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CardShark Content - Craig Brooks (10/3/2002)

I've already read two people's thoughts on the new Onslaught
Onslaught
OnslaughtSet: Exodus
Cost:
1
Color:
Red
Type:
Enchantment
Rarity:
C
Number:
92
Artist:
Paolo Parente
Text:
Whenever you successfully cast a creature spell, tap target creature.
set from people who went to the pre-release and, while it was fun to play in 3 flights of the pre-release, I came away from the event with a bit of a bad taste in my mouth.

Don't get me wrong, I think the set has a number of good cards. However, I honestly think that in the limited environment, Onslaught
Onslaught
OnslaughtSet: Exodus
Cost:
1
Color:
Red
Type:
Enchantment
Rarity:
C
Number:
92
Artist:
Paolo Parente
Text:
Whenever you successfully cast a creature spell, tap target creature.
is a poor set. I found that my flights were all being dominated purely by those with the most ´´bombs,´´ almost entirely in the form of big creatures. The few I saw who didn't have lots of bombs and were holding their ground managed to do so only because they managed to somehow get a lot of removal. This may sound like a bit of a common sense statement, but let me explain further.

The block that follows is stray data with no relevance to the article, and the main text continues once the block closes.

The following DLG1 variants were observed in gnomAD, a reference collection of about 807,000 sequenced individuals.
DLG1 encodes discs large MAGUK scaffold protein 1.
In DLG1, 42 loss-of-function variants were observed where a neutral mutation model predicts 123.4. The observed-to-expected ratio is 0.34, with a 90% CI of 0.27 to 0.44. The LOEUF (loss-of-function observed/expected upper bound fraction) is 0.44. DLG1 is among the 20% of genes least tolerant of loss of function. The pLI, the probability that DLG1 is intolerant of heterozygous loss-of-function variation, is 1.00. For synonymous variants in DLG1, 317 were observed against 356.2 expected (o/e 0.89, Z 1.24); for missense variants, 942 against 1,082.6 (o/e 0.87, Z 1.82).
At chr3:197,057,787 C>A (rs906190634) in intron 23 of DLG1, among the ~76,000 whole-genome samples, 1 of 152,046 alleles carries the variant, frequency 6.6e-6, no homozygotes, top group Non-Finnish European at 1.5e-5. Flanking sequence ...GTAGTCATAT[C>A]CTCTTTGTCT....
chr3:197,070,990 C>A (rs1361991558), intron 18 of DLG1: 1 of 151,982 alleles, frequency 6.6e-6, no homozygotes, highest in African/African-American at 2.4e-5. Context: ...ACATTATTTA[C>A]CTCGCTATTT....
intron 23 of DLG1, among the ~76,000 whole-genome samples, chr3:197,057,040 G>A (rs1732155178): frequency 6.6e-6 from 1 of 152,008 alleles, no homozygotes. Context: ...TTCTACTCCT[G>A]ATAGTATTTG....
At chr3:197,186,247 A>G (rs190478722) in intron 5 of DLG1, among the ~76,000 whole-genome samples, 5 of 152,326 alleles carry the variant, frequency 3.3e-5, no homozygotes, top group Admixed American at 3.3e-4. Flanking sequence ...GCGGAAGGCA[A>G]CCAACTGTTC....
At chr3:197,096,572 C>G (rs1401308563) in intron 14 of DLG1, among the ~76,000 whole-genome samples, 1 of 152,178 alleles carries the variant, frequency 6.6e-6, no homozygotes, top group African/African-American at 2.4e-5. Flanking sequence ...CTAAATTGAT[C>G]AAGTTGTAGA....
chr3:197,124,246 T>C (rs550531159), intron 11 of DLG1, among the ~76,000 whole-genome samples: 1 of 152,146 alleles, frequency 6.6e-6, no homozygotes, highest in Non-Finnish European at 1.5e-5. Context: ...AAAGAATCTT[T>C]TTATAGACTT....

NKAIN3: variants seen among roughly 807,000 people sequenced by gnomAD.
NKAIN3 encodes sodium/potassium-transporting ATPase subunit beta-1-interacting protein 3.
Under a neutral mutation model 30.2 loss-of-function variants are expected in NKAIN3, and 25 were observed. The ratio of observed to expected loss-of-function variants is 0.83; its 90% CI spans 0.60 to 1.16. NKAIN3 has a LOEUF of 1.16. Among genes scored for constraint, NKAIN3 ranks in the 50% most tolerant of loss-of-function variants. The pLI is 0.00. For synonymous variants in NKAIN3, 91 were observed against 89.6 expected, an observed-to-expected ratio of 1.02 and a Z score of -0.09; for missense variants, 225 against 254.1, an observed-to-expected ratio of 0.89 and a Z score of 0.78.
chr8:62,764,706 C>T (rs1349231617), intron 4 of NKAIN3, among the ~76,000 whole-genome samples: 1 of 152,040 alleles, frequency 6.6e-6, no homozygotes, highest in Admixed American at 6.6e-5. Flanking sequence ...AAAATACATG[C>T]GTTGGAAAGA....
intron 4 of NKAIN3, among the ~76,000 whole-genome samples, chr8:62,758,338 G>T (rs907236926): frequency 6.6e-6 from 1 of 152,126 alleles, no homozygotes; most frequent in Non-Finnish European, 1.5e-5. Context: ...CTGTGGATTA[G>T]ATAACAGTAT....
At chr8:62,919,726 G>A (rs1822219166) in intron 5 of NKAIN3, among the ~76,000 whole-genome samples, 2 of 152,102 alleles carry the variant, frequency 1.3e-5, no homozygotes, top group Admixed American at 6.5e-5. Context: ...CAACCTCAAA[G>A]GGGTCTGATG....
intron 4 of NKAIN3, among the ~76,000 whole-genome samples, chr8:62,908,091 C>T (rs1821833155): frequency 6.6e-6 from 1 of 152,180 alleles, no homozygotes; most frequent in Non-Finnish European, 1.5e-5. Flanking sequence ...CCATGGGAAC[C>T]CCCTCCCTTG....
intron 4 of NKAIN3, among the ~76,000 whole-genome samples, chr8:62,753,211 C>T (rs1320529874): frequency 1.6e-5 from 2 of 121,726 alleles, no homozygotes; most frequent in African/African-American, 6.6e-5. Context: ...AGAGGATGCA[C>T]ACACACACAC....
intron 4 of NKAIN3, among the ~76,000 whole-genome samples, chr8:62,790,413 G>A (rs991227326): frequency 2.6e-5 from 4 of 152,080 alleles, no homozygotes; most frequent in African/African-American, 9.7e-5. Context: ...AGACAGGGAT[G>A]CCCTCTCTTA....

Overall, this set just lacks removal. It does have a few spells in both black and red, but for a set of this size, I really expected a bit more. To make matters worse, blue lost a lot of the bounce it had in prior sets and the little ´´control´´ it does have is mostly linked to little creatures. To make matters worse, the set is severely lacking in countering ability, making blue even harder to use for it's usual control purposes. White has one or two ways to remove creatures, but tends to fall back more on it's standard ´´prevention´´ tactics. Green is mostly standard fair, preferring the might of fatties to removal, which is fine.

I think the creatures of the set are ok, though ground stalls were more prevalent than I tend to like, especially if one or both players were playing green (which tended to happen often). As I mentioned briefly before, if someone managed to get one or two amazing rares, they were almost assured a win. For example, I was playing a GB splash W deck that had a few biggies, but mostly worked with two Wellwisher
Wellwisher
WellwisherSet: Onslaught
Cost:
2
Color:
Green
Type:
Creature
Sub Type:
Elf
Rarity:
C
Number:
300